On another visit to Vale’s he saw an unusual-looking Lea-Francis (JO 8288) and as Scott-Moncrieff used to say “a bargain was struck”. Naturally it had a pointed-tail body, which Lord Avebury was supposed to have put on it for the 1933 LCC Relay Race at Brooklands. Otherwise, it was a normal Hyper Leaf with No.8 Conde blower, Bill’s first supercharged car. Hoodless, with two aero-screens, it was “most exhilarating and reasonably reliable”, except when the screws of the blower vane housing fell out and jammed the blower, or when an oil-feed problem to this component resulted in a smoke-screen along the N. Circular Road that the Navy might have envied. Enthusiasm for fast motoring was stepped up by a visit to a BOC Chalfont hill-climb. Here Bill push-started Doreen Evans in her Q-type MG and saw Mervyn White’s Tracta destroy the starter’s “hockey-stick” with its spinning front wheels. From Bill Black he later acquired this Tracta as a “basket case” but a vital part of the FWD mechanism was missing, so he had to return it.
Next, a Brescia Bugatti (BXK 216) was bought from Ronald Read, with a non-original wide-track front axle. It was not a success, being unreliable and the twin mags mis-firing continually. It soon gave way to a 1924 2-litre T35A GP Modified Bugatti (BJ0 882). When its miscellaneous plugs, one from Woolworth’s, had been changed for a set of Bosch plugs it made the most wonderful sound Little had ever heard, an 8-cylinder Bug on full song. It gave its new owner a few memorable moments. As when he was doing a voluntary job in the Crystal Palace Press Office and was allowed on the circuit. His left trouser-leg got caught in the carden-shaft universal and was torn off; going home he stalled the engine in a S London market and ribald were the calls as he got out to crank-up! The exhaust system did not survive a gate-stop and the girl friend had to nurse it for 20 rniles, and all the bolts in the transmission torque-member sheared on a run to Brooklands. But, says Bill, “it was a wonderful one and gave me many hours of pleasure and very little trouble.”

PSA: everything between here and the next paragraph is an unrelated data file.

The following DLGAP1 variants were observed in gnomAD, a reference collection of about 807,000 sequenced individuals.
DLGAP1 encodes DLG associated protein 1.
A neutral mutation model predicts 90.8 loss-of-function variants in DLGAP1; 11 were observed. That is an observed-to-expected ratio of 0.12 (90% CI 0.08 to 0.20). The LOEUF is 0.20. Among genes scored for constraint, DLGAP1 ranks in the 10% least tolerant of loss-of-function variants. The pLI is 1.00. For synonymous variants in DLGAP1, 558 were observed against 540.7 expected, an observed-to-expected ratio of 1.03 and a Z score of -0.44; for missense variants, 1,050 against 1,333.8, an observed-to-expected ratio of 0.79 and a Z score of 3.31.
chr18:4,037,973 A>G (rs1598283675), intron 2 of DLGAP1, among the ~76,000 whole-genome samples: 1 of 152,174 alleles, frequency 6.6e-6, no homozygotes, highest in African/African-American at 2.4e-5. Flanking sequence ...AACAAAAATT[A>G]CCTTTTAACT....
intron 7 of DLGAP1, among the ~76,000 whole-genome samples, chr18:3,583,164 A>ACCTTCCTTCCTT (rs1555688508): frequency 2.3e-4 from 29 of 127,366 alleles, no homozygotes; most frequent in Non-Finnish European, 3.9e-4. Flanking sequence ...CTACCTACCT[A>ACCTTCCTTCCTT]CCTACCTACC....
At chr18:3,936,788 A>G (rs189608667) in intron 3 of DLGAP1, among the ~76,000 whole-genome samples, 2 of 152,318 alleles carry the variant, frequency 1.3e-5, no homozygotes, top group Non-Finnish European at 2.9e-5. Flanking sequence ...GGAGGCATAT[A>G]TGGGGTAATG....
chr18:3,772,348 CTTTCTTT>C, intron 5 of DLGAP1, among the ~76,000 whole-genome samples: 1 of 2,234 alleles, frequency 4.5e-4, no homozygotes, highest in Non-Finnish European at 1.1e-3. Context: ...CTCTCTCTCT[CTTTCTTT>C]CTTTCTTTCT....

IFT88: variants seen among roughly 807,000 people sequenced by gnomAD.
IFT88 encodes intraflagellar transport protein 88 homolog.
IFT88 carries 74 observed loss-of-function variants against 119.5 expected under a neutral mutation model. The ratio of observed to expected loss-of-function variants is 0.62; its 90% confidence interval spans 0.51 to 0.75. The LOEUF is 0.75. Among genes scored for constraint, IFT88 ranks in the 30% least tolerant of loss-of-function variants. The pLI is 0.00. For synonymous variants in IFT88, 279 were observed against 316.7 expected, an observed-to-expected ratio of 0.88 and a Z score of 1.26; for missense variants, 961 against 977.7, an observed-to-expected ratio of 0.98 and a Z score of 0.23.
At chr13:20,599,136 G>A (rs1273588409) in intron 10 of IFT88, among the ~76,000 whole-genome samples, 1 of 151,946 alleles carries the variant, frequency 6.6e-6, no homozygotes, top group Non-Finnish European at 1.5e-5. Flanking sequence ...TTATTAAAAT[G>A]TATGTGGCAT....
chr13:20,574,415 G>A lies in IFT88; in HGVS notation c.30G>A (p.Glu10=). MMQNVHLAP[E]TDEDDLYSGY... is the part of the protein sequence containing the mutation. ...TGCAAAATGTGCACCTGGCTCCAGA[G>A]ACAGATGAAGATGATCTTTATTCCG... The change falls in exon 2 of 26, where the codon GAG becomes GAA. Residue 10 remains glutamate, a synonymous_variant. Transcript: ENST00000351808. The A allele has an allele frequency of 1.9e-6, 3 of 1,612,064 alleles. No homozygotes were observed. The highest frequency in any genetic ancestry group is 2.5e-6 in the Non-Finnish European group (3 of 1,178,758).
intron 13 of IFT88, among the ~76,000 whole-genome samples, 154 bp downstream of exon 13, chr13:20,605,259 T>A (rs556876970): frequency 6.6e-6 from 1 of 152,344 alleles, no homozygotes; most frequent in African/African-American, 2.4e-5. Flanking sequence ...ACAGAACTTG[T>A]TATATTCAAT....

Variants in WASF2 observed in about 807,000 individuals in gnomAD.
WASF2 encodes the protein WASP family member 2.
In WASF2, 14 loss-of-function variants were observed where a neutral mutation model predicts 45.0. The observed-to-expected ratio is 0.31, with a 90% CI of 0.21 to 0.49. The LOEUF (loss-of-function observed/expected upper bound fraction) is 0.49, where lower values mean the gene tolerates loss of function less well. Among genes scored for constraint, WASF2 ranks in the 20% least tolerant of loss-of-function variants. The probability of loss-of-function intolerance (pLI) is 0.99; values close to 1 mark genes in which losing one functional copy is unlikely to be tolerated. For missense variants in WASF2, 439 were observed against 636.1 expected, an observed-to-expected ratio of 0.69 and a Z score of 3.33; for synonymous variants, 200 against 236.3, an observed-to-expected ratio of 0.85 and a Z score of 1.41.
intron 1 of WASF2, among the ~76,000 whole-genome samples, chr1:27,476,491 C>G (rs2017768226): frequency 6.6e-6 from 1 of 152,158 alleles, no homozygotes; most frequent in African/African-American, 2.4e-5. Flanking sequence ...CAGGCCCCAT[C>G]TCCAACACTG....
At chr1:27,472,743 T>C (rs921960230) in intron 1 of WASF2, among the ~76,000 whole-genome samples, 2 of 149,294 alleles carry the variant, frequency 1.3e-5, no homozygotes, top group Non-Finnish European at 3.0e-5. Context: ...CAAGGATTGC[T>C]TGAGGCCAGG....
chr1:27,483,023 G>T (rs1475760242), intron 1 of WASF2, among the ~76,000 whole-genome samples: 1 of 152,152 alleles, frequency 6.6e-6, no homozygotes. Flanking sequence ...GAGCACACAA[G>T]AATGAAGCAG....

The long-suffering girl friend calling for better weather protection, the Bug was sold and a £65 41/2-litre Bentley replaced it. It had a cut-about Harrington body and was disastrously thirsty (13-14 mpg), even with petrol at 1/6 a gallon — “On the credit side”, he recalls, “the performance and brakes were good and the Avon Duo-tread tyres so durable that I never saw the second tread …”
Anyone who is having insurance difficulties with old cars may be amused to know that looking back to 20 years ago, Bill Little was on a series of 60-day cover notes because he changed his cars so frequently. Asked for an engineer’s certificate for the first time for the GP Bugatti, he removed the brake drums in the hope of improving the anchorage, only to find unlined aluminium shoes which, as they had no rivet holes, suggested this was quite normal … The engineer declined a test run!
The thirsty Bentley was taken after three months to Bill Black, and Bill Little came away with a 5th Series Lancia Lambda, the Aston Martin “Razor Blade” and a big Amilcar saloon, the last presumably because Black needed the space. The “Razor Blade” was given the Amilcar front brakes (after which the Amilcar was scrapped) and a GP Bugatti tail. The engine was run without being stripped but no harm was done and when war came the historic single-seater was sold for £17. Gerald Crozier had taken over Griffiths’ premises and he found Little a T40 Bugatti, which gave little trouble apart from side-swiping three cars parked outside a church in Redhill, in a snowstorm, when the on brake cable jumped its pulley … Six months later “a revolting three-carburettor Alvis that would not go, would not stop, and looked frightful”, was quickly taken back and replaced with a rather breathless Fiat Balilla (ARO 762). After a full engine overhaul the Fiat was lent to Bill’s friend Anthony Howard Piper, naturally known as Peter, and in return he lent Little a Wolseley Hornet with a 16 hp Sunbeam engine, to use on his honeymoon — but the bride preferred to travel by train!
With the imminence of war two years later, Peter joined the RAF and one night in a pub bought the Fiat, an MG-C, the ex-Dick Nash “Spook”, and at least two other cars, for £50. In case the owners changed their minds he enlisted the help of some airmen to remove them the same night … A scruffy Triumph Southern Cross, after its seized engine had been freed, and a Hillman Aero Minx coupe gave war service, the latter an inadequate performer, with poor brakes. Then the “Spook” was bought from Peter for £50, a very wet tow behind the Balilla from Cambridge to Bill’s new abode at Potters Bar being recalled. After dropping the sump and examining the bearings of the sprint car’s Corette-blown Anzani engine it was sometimes run up during the war for the joy of smelling burnt castor oil. London air-raids destroyed the Little family business and in 1944 Bill moved to a new task, in Bristol. The “Spook” was towed there but apart from fitting new instruments and dashboard, nothing more was done to it and it was sold eventually to BAC test-pilot Dick Northway. He blew the engine up when testing the car on Filton airfield and replaced it with a Mercury V8. “Where is it now?” Bill wonders. “Probably running about as a TT Replica.”
To be continued next month